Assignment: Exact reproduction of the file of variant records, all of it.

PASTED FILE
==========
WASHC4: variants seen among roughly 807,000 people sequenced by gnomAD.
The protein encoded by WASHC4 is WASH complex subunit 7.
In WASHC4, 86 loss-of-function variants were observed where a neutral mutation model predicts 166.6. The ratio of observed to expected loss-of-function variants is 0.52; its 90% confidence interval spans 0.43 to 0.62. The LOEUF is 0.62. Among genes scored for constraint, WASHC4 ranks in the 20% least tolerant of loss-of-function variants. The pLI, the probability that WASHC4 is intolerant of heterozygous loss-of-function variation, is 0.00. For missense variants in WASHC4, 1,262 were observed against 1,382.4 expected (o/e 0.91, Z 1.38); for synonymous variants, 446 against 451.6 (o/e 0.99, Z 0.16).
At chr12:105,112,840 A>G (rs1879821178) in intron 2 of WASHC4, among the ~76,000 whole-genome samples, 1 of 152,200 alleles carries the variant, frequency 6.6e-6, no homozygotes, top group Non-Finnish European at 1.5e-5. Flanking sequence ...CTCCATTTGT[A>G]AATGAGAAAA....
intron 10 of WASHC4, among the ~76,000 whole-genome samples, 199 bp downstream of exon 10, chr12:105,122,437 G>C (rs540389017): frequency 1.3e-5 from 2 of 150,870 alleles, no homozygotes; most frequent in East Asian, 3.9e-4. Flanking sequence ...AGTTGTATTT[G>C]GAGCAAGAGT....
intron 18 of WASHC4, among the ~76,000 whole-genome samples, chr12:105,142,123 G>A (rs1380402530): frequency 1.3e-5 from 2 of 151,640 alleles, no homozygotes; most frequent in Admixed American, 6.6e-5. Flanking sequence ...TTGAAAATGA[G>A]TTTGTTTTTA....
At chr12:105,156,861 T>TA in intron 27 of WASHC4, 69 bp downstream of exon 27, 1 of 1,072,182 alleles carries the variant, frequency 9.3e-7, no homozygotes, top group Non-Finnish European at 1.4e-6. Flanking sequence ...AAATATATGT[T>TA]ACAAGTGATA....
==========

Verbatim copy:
WASHC4: variants seen among roughly 807,000 people sequenced by gnomAD.
The protein encoded by WASHC4 is WASH complex subunit 7.
In WASHC4, 86 loss-of-function variants were observed where a neutral mutation model predicts 166.6. The ratio of observed to expected loss-of-function variants is 0.52; its 90% confidence interval spans 0.43 to 0.62. The LOEUF is 0.62. Among genes scored for constraint, WASHC4 ranks in the 20% least tolerant of loss-of-function variants. The pLI, the probability that WASHC4 is intolerant of heterozygous loss-of-function variation, is 0.00. For missense variants in WASHC4, 1,262 were observed against 1,382.4 expected (o/e 0.91, Z 1.38); for synonymous variants, 446 against 451.6 (o/e 0.99, Z 0.16).
At chr12:105,112,840 A>G (rs1879821178) in intron 2 of WASHC4, among the ~76,000 whole-genome samples, 1 of 152,200 alleles carries the variant, frequency 6.6e-6, no homozygotes, top group Non-Finnish European at 1.5e-5. Flanking sequence ...CTCCATTTGT[A>G]AATGAGAAAA....
intron 10 of WASHC4, among the ~76,000 whole-genome samples, 199 bp downstream of exon 10, chr12:105,122,437 G>C (rs540389017): frequency 1.3e-5 from 2 of 150,870 alleles, no homozygotes; most frequent in East Asian, 3.9e-4. Flanking sequence ...AGTTGTATTT[G>C]GAGCAAGAGT....
intron 18 of WASHC4, among the ~76,000 whole-genome samples, chr12:105,142,123 G>A (rs1380402530): frequency 1.3e-5 from 2 of 151,640 alleles, no homozygotes; most frequent in Admixed American, 6.6e-5. Flanking sequence ...TTGAAAATGA[G>A]TTTGTTTTTA....
At chr12:105,156,861 T>TA in intron 27 of WASHC4, 69 bp downstream of exon 27, 1 of 1,072,182 alleles carries the variant, frequency 9.3e-7, no homozygotes, top group Non-Finnish European at 1.4e-6. Flanking sequence ...AAATATATGT[T>TA]ACAAGTGATA....